About the Elk
Elk are also called wapiti, a Native American word that means “light-colored deer.” Elk are related to deer but are much larger than most of their relatives. A bull (male) elk's antlers may reach 4 feet above its head, so that the animal towers 9 feet tall.
Preparation for Breeding Season
Bull elk lose their antlers each March, but they begin to grow them back in May in preparation for the late-summer breeding season.
In early summer, elk migrate to high mountain grazing grounds where the cows (females) will give birth. Each cow typically has a single calf, which can stand by the time it is 20 minutes old.
Antlers and Mating
During the late summer breeding season the bugling of bull elk echoes through the mountains. These powerful animals strip the velvet off their new antlers using them in violent clashes that determine who gets to mate with whom. Males with the bigger antlers, typically older animals, usually win these battles and dominate small herds.
Elk During the Winter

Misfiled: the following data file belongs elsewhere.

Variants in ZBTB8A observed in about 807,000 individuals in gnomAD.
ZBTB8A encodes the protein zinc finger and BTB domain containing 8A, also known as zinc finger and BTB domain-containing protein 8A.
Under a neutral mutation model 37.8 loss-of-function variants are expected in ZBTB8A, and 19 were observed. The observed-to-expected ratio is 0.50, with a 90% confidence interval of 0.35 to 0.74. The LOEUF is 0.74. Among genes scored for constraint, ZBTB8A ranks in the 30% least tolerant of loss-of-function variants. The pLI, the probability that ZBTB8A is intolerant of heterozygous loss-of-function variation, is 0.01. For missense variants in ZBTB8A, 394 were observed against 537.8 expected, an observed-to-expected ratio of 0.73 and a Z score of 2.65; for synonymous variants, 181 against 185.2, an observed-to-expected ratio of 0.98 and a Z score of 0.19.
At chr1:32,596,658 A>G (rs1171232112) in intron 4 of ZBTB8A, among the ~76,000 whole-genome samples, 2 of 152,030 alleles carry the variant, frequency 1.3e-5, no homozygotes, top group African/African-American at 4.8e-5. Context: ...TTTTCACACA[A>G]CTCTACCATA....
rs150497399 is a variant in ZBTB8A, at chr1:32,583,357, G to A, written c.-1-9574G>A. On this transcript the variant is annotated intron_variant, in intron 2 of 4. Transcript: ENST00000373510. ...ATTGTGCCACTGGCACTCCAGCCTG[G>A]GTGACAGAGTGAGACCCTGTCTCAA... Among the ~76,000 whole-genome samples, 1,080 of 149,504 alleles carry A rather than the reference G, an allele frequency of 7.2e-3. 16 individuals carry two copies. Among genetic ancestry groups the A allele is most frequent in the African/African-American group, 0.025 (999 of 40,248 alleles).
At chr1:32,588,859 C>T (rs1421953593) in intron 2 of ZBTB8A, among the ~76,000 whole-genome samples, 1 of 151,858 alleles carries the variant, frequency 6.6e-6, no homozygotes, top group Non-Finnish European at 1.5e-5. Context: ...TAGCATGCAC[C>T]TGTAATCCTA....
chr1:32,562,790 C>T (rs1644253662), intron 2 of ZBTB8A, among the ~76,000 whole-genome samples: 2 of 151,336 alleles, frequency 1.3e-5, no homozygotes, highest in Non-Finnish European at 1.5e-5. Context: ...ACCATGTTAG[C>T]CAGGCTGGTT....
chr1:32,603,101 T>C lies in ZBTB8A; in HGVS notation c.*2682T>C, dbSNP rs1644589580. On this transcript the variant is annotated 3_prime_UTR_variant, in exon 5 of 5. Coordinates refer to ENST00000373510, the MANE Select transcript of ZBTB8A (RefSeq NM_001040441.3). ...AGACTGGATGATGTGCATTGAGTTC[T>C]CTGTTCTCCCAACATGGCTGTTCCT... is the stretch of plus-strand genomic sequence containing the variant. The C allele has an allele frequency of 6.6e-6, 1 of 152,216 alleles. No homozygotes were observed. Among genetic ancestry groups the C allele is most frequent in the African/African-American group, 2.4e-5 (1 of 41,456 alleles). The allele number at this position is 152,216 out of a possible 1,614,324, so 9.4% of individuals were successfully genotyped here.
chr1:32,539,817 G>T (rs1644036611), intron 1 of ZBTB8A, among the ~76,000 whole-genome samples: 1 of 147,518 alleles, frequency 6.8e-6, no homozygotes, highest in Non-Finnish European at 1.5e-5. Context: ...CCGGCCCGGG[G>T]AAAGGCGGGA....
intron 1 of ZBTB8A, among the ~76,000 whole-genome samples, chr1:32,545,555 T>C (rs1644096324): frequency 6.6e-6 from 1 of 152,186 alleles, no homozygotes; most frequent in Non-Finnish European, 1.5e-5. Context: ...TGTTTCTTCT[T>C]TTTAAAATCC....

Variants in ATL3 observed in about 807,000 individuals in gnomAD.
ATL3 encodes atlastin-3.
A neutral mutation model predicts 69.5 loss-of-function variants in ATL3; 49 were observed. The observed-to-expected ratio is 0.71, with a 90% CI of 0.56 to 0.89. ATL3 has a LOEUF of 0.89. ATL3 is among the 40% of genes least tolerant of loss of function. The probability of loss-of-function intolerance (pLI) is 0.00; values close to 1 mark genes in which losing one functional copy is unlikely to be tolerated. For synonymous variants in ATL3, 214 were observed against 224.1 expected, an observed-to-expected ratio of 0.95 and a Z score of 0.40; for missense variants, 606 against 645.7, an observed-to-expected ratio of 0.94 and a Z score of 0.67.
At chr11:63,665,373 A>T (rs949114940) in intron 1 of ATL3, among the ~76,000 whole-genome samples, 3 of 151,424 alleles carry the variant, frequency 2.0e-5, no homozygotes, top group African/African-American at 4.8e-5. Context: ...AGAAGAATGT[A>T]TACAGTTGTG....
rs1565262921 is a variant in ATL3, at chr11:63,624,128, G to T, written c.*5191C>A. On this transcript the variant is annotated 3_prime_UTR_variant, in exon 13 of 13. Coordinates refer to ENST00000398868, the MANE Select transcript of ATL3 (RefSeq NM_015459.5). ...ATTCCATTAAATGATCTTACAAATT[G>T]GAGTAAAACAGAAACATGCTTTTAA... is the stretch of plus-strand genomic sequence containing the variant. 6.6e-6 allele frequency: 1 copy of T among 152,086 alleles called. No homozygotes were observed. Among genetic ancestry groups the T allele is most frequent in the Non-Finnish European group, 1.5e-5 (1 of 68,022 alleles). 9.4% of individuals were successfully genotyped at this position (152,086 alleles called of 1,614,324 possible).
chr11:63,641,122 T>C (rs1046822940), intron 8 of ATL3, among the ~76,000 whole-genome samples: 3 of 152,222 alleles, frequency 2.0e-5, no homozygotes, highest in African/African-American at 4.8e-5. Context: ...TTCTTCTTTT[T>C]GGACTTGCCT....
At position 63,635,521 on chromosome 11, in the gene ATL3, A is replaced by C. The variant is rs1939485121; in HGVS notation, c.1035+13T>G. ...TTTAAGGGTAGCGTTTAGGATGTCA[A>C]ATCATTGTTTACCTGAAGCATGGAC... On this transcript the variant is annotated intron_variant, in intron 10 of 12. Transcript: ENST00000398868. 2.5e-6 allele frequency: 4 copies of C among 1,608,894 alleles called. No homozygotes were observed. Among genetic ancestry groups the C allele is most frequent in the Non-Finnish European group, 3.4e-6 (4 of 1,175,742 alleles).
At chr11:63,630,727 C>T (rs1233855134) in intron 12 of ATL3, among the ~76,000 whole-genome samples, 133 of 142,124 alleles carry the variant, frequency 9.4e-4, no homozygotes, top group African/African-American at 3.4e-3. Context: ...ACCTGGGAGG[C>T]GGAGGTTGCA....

In the winter, elk reconvene into larger herds, though males and females typically remain separate. The herds return to lower valley pastures where elk spend the season pawing through snow to browse on grass or settling for shrubs that stand clear of the snow cover.
Elk were once found across much of North America but they were killed off and driven to take refuge in more remote locations. Today they live primarily in western North America, especially in mountainous landscapes such as Wyoming's National Elk Refuge and Yellowstone National Park. Some eastern U.S. states have reintroduced small elk herds into heavily wooded wilderness areas.